At other times, algorithmic errors are inconvenient that do not impact the usefulness of it in a meaningful manner. Simple mistakes in digital voice assistants do not undermine its value, and use of DVA (digital voice assistants) continues to increase. On the other end of the spectrum, however, algorithmic errors, like in the case of accidental deaths involving self-driven cars, totally shatter consumer confidence in AI-based applications.
In crucial areas like education and job recruitment, mistakes (such as racial and gender bias) can lead to a hefty cost in terms of human value. Continued mistakes can lead to a crisis of confidence in the technology itself, leaving this class of ANI applications to be eclipsed by another AI Winter.
AI technology, traditionally, has been working on to copy or even surpass human cognitive and physical capabilities. Problems arise when algorithms are applied in different contexts. Businesses and governments must assess the risk profiles of the algorithms used by them. An essential guide for such an assessment is to know whether their applications are ANI T ( artificial narrow intelligence-transactional), ANI C (artificial narrow intelligence-consequential), AGI (artificial general intelligence) or ASI (artificial superintelligence). The risk profile of ANI T (e.g. digital voice assistants – single task, limited context) is low, whereas, ANI C (self-driven cars- single task in a dynamic context) is quite high. As far as AGI (multiple tasks in a proactive manner) and ASI (surpassing all human capability) are concerned, risk profiles are entirely unknown so far.
Based on the risk assessment, businesses can make critical decisions about investment in AI for the successful digital transformation of their enterprises. New research is going on to remove the technological limitations of ANI and to control and significantly reduce the undesirable results of algorithmic errors such as Ethical AI and tools for auditing algorithms for biases. This will go a long way in fostering trust in this technology. The key to the usefulness of AI of course depends on industry leaders and governments making human value uppermost in developing all and any forms of AI solutions.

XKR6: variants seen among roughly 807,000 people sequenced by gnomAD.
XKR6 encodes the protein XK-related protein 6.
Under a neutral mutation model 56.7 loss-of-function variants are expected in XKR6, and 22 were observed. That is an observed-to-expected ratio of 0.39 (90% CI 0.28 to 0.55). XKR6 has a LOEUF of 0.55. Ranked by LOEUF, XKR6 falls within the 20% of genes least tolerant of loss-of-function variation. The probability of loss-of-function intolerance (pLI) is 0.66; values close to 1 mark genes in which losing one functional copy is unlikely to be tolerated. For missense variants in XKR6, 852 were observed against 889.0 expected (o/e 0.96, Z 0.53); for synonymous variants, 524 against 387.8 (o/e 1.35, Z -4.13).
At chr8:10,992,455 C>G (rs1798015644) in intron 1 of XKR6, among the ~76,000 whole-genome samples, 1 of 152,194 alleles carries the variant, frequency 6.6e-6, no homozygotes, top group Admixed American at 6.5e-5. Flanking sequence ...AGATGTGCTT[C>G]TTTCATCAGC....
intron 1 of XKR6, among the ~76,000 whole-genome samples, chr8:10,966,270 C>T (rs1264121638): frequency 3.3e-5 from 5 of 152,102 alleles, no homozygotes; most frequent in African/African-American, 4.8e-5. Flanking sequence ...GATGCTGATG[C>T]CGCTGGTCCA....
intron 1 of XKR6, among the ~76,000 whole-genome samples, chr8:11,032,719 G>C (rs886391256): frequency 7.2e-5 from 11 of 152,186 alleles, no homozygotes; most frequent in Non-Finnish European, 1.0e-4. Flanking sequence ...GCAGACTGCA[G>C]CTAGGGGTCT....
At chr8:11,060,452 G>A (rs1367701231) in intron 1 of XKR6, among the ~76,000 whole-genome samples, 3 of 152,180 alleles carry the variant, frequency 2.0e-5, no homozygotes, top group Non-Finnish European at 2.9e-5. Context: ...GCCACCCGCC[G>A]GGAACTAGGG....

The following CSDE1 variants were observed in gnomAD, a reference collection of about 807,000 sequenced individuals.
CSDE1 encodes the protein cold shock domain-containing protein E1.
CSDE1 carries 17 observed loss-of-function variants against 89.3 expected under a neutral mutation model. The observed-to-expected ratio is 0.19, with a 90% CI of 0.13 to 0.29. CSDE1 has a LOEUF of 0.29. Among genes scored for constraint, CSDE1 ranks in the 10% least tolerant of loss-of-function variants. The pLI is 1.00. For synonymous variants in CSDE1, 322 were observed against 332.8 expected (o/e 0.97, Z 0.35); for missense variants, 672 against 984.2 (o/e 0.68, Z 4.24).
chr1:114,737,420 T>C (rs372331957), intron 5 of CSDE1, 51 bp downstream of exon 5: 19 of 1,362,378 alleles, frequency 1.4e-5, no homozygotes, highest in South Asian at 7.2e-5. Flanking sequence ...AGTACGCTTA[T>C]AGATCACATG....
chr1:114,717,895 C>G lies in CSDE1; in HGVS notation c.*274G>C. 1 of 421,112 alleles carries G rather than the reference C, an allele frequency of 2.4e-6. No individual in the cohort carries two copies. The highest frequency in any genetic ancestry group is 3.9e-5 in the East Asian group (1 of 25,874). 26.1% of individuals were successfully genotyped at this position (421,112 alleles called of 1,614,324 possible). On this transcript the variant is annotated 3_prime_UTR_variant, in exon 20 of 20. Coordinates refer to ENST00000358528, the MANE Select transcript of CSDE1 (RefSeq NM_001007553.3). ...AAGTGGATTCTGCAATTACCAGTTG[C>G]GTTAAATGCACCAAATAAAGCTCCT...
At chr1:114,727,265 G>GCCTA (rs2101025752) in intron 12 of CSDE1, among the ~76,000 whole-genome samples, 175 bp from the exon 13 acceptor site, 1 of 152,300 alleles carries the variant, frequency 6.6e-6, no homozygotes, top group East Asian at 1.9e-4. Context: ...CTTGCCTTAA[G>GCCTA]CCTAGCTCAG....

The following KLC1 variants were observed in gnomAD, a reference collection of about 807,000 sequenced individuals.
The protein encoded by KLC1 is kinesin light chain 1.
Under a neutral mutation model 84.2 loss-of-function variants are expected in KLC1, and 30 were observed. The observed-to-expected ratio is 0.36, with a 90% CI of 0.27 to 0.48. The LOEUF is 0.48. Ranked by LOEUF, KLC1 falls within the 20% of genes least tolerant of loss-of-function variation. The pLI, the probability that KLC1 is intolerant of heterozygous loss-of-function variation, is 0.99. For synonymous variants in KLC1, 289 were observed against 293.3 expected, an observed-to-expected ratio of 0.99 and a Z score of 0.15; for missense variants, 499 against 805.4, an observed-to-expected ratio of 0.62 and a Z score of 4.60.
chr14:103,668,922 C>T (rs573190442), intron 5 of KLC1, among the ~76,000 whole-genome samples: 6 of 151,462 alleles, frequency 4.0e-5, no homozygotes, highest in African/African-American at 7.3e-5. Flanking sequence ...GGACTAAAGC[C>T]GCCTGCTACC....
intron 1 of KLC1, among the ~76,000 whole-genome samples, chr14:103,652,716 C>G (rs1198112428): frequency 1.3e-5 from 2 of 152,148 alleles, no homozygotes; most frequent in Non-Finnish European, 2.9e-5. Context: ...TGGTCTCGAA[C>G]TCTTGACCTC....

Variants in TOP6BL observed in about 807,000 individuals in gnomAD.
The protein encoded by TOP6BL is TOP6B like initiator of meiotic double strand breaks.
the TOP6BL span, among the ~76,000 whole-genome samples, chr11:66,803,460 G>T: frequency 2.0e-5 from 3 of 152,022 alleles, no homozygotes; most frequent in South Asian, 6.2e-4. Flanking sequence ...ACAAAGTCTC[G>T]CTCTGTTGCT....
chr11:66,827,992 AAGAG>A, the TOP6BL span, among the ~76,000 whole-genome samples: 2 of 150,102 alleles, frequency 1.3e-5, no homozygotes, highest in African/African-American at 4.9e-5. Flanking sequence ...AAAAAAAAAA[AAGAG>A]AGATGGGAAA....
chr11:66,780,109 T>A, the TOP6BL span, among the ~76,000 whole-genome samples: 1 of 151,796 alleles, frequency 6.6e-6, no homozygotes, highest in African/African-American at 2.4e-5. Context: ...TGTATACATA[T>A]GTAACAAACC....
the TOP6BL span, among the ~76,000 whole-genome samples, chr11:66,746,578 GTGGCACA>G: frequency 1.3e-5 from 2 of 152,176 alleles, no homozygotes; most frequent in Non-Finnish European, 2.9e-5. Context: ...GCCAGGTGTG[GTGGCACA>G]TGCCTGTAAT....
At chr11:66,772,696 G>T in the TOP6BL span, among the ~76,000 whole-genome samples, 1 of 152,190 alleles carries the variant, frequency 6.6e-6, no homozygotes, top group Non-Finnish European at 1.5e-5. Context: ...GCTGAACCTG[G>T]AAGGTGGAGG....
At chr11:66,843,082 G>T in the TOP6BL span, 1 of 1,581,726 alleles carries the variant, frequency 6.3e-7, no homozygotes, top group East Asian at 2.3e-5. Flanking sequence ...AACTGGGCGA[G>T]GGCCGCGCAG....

A time for cautious enthusiasm
AI is exciting no doubt, but unbridled passion does not serve the purpose. Human beings are obsessed with their vision of what AI is all about. A human clone, an artificially created being with human emotions, intelligence and behavior. Breakthroughs are seen as coming close to achieving this vision. The missteps, mistakes and hidden flaws are overlooked. As a result, disappointments ensue when errors happen, and AI technology itself is deemed untrustworthy. As of now, AI technology is not advanced enough to have a decision making capability in human contexts. Human interaction and judgement are still required.
It is crucial to keep the expectations low and to cover the gap between the present reality and hopes to avoid another AI Winter.
Businesses and governments having substantial investments in ANI must work together to reduce the chances of another AI Winter. A public discourse that has pared down expectations, being mindful of ANI’S flaws, managing customers expectations and developing thoughtful and ethical ANI applications to foster trust are some of the ways which will go a long way in thwarting an AI Winter.
ANI, even with its faults, is useful today and promises to improve the quality of life significantly in the coming years. It may not be close to AGI yet, but business leaders and governments would do well to use it appropriately and safely to deliver unimaginable human value in times to come.